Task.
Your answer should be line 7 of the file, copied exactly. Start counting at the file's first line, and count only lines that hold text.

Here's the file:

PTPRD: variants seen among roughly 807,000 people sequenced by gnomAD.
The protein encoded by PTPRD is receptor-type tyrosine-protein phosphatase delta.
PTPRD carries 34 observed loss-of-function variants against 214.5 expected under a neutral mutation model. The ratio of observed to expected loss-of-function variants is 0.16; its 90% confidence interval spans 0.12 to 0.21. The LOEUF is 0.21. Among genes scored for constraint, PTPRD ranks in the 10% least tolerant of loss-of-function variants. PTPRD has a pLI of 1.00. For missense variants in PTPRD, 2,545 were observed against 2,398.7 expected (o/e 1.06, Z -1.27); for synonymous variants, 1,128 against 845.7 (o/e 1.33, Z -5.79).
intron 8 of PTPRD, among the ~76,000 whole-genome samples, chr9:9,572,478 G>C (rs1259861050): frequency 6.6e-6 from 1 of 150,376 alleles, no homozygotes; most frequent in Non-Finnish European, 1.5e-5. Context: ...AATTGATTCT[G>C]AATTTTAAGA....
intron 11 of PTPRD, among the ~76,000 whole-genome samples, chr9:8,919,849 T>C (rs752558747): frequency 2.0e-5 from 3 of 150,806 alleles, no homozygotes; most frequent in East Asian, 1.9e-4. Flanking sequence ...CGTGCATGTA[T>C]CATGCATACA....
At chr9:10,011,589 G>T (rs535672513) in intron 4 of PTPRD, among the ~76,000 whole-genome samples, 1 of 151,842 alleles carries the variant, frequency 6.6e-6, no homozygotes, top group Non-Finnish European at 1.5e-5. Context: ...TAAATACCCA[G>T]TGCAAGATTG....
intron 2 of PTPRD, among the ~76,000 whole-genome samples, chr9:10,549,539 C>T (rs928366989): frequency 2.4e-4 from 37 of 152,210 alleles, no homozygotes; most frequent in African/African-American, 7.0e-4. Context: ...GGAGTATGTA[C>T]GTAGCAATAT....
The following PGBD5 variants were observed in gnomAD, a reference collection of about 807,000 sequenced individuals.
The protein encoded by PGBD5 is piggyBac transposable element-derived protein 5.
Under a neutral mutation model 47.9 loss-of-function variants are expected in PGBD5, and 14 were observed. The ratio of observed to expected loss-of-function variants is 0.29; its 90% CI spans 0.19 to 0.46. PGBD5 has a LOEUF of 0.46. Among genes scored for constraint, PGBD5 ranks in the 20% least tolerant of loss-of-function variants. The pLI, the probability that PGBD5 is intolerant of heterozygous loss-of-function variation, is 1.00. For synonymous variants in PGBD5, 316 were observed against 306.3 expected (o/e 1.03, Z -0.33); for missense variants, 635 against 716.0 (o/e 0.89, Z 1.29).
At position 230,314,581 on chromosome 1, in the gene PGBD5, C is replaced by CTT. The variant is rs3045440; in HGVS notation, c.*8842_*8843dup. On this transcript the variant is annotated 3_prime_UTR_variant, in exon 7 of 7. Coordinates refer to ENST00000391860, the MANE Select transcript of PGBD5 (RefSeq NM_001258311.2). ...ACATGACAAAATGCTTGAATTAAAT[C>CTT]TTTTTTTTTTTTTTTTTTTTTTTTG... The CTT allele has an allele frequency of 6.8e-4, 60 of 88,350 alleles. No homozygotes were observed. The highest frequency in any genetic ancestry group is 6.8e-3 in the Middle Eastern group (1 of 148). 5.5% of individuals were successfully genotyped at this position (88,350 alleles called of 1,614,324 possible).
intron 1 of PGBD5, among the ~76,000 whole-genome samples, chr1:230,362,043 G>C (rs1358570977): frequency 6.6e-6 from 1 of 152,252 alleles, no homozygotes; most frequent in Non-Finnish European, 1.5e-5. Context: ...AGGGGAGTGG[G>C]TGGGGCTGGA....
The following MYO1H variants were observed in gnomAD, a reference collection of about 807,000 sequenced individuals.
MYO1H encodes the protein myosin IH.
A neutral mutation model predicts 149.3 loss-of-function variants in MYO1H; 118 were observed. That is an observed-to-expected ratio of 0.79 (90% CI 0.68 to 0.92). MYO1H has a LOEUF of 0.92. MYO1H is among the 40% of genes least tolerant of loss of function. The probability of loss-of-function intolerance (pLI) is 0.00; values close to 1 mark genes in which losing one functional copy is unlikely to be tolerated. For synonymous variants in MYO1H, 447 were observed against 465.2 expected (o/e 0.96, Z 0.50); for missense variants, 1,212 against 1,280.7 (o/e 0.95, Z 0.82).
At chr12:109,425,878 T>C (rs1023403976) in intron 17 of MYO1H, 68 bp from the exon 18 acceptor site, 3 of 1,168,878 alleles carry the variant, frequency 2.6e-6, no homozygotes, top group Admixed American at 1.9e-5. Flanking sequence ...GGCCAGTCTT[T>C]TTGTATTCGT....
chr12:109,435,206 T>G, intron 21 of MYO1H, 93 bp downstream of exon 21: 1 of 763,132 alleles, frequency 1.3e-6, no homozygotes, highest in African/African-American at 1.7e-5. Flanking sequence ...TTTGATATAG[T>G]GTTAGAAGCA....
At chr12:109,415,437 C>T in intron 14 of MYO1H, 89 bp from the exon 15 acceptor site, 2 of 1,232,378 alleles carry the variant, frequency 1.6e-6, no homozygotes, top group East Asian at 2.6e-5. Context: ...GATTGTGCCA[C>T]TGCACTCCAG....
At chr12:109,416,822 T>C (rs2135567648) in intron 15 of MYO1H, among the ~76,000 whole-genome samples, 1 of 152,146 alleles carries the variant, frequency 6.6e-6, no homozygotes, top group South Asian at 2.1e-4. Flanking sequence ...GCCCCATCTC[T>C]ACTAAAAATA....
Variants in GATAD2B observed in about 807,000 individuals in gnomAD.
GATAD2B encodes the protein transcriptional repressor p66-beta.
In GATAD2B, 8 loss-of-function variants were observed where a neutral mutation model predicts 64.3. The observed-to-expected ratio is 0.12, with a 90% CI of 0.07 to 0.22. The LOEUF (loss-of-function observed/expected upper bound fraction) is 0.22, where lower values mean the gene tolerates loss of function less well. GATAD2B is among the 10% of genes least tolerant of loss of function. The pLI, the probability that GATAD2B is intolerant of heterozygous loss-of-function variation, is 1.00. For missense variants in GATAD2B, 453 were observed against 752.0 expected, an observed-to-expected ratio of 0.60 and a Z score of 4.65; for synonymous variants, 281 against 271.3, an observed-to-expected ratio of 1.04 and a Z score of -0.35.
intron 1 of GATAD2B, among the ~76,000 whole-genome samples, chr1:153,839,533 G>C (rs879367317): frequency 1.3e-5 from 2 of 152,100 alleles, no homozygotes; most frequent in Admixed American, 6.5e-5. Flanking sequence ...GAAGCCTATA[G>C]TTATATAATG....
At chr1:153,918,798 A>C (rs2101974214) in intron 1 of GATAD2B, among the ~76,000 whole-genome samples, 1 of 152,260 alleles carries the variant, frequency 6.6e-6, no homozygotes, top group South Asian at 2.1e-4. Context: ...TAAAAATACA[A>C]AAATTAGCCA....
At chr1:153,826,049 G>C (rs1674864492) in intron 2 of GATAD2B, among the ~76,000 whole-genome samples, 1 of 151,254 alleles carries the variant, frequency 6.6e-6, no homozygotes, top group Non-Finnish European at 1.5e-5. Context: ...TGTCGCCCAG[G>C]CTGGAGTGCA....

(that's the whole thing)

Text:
intron 2 of PTPRD, among the ~76,000 whole-genome samples, chr9:10,549,539 C>T (rs928366989): frequency 2.4e-4 from 37 of 152,210 alleles, no homozygotes; most frequent in African/African-American, 7.0e-4. Context: ...GGAGTATGTA[C>T]GTAGCAATAT....